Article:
How What You Say Affects You At Work

Do you think about what you say at work? Alfonso Bucero certainly does. He presented at PMI Global Congress EMEA in Dublin on the subject of why we should choose our words carefully.

“During many years as a project manager, I was not conscious about the consequences of the words I used with my team members, customers and other stakeholders,” Bucero said. “Many times your words can have more power than you imagine. Your beliefs create your reality.”

He explained that people pick up on negative phrases and that this impacts how they feel about you and your project. Choosing the right words to create the right impression of your project can contribute to team morale and project success.

“You as a leader cannot be negative in your sessions as you transmit negativity. A leader achieves things in a positive way.”

Alfonso Bucero
Alfonso Bucero

8 Phrases to Use in Project Communications

Bucero gave us a list of 8 phrases to include in our project communications. They are:

  • I made a mistake (This is recognizing you made a mistake and showing you can learn from it)
  • I can
  • I believe
  • I’ll respect
  • Thank you, I appreciate it
  • I want you (working in my team)
  • I’m listening
  • I need you (to collaborate)

“Thank you is an easy word, it’s low cost,” he added, “but it’s not used so much in project management. The key thing in my opinion for a project manager to do is to take care of people.” Saying thanks certainly helps with that.

Read Next: Here are 15 (easy) ways to celebrate success at work.

He didn’t talk about it explicitly in his presentation, but the inference was that being positive is not at all the same thing as lying about the status of what you are working on. Even if you give or receive bad news, phrase your interactions with others in a positive way. In other words, don’t whinge at your colleagues.

“Nobody cares about your problems as a leader. They are your problems.

Alfonso Bucero

Use Language for Accountability

“Sometimes the only way to move forward in life and to achieve an ambitious goal is to cut off all avenues of retreat,” Bucero said.

He used this technique when he was writing his first book. He wrote to his friends telling them that he was going to get the book written by a certain date. By making his goals public, he created accountability for himself. Other people could hold him to account if he did not hit his deadline.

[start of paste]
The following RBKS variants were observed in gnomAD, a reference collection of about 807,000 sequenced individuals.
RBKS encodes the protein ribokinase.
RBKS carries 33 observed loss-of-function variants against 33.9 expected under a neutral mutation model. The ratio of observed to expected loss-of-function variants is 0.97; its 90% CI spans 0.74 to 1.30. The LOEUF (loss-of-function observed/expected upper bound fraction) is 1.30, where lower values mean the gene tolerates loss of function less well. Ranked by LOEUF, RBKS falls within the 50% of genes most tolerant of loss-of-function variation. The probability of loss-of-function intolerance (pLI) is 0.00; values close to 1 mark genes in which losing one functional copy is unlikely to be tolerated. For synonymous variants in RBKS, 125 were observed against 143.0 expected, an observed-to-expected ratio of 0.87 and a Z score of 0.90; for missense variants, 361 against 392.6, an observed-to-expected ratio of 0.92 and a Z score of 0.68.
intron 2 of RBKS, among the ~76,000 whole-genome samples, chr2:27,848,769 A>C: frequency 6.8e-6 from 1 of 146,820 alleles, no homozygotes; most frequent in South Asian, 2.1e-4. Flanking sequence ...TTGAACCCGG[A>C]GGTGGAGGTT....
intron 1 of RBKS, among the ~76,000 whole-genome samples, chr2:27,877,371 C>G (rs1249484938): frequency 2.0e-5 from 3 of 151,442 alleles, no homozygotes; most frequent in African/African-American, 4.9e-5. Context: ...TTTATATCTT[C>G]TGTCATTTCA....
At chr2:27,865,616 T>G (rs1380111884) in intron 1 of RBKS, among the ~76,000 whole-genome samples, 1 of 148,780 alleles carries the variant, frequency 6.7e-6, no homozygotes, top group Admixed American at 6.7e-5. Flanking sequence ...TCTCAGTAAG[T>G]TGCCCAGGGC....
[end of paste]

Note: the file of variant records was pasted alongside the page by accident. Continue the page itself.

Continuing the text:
“If you can write down your particular commitment, you will be able to achieve it,” he said. “The human being has no limitations.”

Write down your goals for work and make people accountable to them. You can also try this with team ground rules for how you are going to work together. Words can also underpin the creation of a results-based culture because they help set and manage expectations.

Watch What You Say

Non-verbal messages often contradict the verbal messages. Body language is important, Bucero said. “More than 65% of your communication is body language. In the Spanish culture it is absolutely needed, you need to use your hands and your eyes. But please, don’t contradict your verbal messages.”

“Remember that your words have much more power than you can imagine,” he said. “You cannot keep repeating negative words and expect to be a high achiever. It is up to you to speak in a way that will move you to what you want to achieve.”

Next steps

Want to take this topic further? Here are some action steps you can do to improve the way you communicate.

  • Think about what phrases you say the most. If you can’t think of anything, ask your colleagues what they hear you say most often. Are those the things you want to be known for?
  • Get a project communications plan template
  • Consider joining Project Management Rebels, our mentoring and learning community, so you can get support with developing your personal style and meet twice a month with other project managers trying to create a positive work culture in their organizations.

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